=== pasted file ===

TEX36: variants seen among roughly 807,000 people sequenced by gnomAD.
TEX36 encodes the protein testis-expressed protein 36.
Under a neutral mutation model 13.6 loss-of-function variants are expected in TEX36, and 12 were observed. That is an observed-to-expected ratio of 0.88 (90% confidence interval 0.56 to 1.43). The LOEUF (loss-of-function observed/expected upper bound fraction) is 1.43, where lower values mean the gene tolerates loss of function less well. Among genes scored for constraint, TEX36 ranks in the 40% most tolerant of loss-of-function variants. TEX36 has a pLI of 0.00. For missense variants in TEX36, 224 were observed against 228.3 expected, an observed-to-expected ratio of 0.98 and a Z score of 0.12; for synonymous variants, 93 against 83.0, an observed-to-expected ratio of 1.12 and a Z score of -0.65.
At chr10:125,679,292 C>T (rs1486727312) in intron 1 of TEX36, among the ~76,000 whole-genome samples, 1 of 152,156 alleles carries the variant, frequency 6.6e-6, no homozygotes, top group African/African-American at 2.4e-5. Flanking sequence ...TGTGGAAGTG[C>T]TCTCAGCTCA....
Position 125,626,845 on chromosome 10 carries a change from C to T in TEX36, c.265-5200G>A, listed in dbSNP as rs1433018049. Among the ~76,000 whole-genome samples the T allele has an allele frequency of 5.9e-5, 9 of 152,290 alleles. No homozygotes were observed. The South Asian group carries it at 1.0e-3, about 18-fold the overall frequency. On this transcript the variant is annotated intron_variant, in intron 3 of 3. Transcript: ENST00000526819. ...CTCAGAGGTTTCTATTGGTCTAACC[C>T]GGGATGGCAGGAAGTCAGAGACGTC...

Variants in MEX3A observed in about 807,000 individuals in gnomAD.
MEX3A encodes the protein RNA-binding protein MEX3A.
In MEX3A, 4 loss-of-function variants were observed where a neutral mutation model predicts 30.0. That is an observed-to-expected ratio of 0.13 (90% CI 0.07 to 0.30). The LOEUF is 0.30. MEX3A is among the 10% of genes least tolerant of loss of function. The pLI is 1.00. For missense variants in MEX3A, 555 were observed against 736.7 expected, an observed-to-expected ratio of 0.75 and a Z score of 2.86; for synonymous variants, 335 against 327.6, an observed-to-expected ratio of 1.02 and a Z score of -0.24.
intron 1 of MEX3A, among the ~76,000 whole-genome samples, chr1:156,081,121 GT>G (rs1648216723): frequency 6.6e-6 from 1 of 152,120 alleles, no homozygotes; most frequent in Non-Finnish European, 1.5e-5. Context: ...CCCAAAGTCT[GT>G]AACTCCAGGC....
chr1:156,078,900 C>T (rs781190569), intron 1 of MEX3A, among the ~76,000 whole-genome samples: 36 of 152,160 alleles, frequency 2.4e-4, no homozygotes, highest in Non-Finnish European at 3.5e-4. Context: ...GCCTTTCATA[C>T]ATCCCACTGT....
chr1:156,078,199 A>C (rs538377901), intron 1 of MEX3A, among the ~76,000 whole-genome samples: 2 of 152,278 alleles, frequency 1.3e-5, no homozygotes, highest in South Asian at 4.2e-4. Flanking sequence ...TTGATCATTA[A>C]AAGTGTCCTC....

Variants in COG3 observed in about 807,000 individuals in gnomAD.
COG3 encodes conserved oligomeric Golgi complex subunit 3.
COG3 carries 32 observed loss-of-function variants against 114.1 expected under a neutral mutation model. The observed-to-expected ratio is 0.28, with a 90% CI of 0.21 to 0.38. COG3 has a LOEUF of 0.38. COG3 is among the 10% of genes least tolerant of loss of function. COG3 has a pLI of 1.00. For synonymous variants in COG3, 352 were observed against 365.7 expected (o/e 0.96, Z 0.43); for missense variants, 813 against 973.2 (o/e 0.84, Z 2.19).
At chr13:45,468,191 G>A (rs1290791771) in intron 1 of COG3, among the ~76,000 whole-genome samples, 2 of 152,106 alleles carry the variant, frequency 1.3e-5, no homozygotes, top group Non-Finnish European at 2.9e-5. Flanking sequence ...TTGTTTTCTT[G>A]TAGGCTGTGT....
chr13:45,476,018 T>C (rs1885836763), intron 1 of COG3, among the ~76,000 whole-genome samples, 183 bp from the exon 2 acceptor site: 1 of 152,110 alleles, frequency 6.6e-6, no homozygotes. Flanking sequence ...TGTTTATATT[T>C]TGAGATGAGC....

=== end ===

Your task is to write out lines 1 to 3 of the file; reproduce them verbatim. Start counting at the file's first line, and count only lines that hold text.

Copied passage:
TEX36: variants seen among roughly 807,000 people sequenced by gnomAD.
TEX36 encodes the protein testis-expressed protein 36.
Under a neutral mutation model 13.6 loss-of-function variants are expected in TEX36, and 12 were observed. That is an observed-to-expected ratio of 0.88 (90% confidence interval 0.56 to 1.43). The LOEUF (loss-of-function observed/expected upper bound fraction) is 1.43, where lower values mean the gene tolerates loss of function less well. Among genes scored for constraint, TEX36 ranks in the 40% most tolerant of loss-of-function variants. TEX36 has a pLI of 0.00. For missense variants in TEX36, 224 were observed against 228.3 expected, an observed-to-expected ratio of 0.98 and a Z score of 0.12; for synonymous variants, 93 against 83.0, an observed-to-expected ratio of 1.12 and a Z score of -0.65.